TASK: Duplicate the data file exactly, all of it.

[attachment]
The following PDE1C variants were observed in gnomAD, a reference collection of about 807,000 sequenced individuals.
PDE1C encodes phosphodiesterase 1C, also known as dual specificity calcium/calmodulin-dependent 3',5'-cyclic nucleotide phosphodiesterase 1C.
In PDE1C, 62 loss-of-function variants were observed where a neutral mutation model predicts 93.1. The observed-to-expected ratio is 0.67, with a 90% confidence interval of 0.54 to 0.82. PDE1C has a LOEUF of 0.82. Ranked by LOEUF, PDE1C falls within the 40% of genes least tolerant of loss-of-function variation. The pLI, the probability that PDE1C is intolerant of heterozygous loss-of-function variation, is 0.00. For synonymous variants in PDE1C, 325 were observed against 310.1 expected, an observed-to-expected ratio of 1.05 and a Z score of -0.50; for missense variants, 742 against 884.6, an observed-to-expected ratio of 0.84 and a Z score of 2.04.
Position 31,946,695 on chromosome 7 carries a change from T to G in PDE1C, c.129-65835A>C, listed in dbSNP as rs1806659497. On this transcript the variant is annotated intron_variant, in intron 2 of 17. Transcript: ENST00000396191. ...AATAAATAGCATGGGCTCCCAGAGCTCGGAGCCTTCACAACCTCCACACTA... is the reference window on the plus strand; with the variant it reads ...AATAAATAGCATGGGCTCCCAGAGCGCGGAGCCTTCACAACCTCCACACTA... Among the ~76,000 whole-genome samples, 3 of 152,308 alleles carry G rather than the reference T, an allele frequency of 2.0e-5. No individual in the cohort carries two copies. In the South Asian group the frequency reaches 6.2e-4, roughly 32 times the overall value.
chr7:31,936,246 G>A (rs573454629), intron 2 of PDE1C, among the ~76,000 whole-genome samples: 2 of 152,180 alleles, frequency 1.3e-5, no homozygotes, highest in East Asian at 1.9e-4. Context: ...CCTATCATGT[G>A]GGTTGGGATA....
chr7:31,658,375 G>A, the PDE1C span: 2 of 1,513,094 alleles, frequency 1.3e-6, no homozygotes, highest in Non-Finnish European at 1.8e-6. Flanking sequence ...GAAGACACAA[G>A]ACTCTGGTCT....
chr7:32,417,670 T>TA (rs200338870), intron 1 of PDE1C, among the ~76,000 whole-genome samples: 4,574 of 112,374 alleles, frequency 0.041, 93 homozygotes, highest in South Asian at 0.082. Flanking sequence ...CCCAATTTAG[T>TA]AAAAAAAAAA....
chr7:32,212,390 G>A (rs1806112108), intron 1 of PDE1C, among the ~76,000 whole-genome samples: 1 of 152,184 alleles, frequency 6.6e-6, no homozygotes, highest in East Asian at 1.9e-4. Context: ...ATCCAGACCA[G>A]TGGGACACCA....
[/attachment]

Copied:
The following PDE1C variants were observed in gnomAD, a reference collection of about 807,000 sequenced individuals.
PDE1C encodes phosphodiesterase 1C, also known as dual specificity calcium/calmodulin-dependent 3',5'-cyclic nucleotide phosphodiesterase 1C.
In PDE1C, 62 loss-of-function variants were observed where a neutral mutation model predicts 93.1. The observed-to-expected ratio is 0.67, with a 90% confidence interval of 0.54 to 0.82. PDE1C has a LOEUF of 0.82. Ranked by LOEUF, PDE1C falls within the 40% of genes least tolerant of loss-of-function variation. The pLI, the probability that PDE1C is intolerant of heterozygous loss-of-function variation, is 0.00. For synonymous variants in PDE1C, 325 were observed against 310.1 expected, an observed-to-expected ratio of 1.05 and a Z score of -0.50; for missense variants, 742 against 884.6, an observed-to-expected ratio of 0.84 and a Z score of 2.04.
Position 31,946,695 on chromosome 7 carries a change from T to G in PDE1C, c.129-65835A>C, listed in dbSNP as rs1806659497. On this transcript the variant is annotated intron_variant, in intron 2 of 17. Transcript: ENST00000396191. ...AATAAATAGCATGGGCTCCCAGAGCTCGGAGCCTTCACAACCTCCACACTA... is the reference window on the plus strand; with the variant it reads ...AATAAATAGCATGGGCTCCCAGAGCGCGGAGCCTTCACAACCTCCACACTA... Among the ~76,000 whole-genome samples, 3 of 152,308 alleles carry G rather than the reference T, an allele frequency of 2.0e-5. No individual in the cohort carries two copies. In the South Asian group the frequency reaches 6.2e-4, roughly 32 times the overall value.
chr7:31,936,246 G>A (rs573454629), intron 2 of PDE1C, among the ~76,000 whole-genome samples: 2 of 152,180 alleles, frequency 1.3e-5, no homozygotes, highest in East Asian at 1.9e-4. Context: ...CCTATCATGT[G>A]GGTTGGGATA....
chr7:31,658,375 G>A, the PDE1C span: 2 of 1,513,094 alleles, frequency 1.3e-6, no homozygotes, highest in Non-Finnish European at 1.8e-6. Flanking sequence ...GAAGACACAA[G>A]ACTCTGGTCT....
chr7:32,417,670 T>TA (rs200338870), intron 1 of PDE1C, among the ~76,000 whole-genome samples: 4,574 of 112,374 alleles, frequency 0.041, 93 homozygotes, highest in South Asian at 0.082. Flanking sequence ...CCCAATTTAG[T>TA]AAAAAAAAAA....
chr7:32,212,390 G>A (rs1806112108), intron 1 of PDE1C, among the ~76,000 whole-genome samples: 1 of 152,184 alleles, frequency 6.6e-6, no homozygotes, highest in East Asian at 1.9e-4. Context: ...ATCCAGACCA[G>A]TGGGACACCA....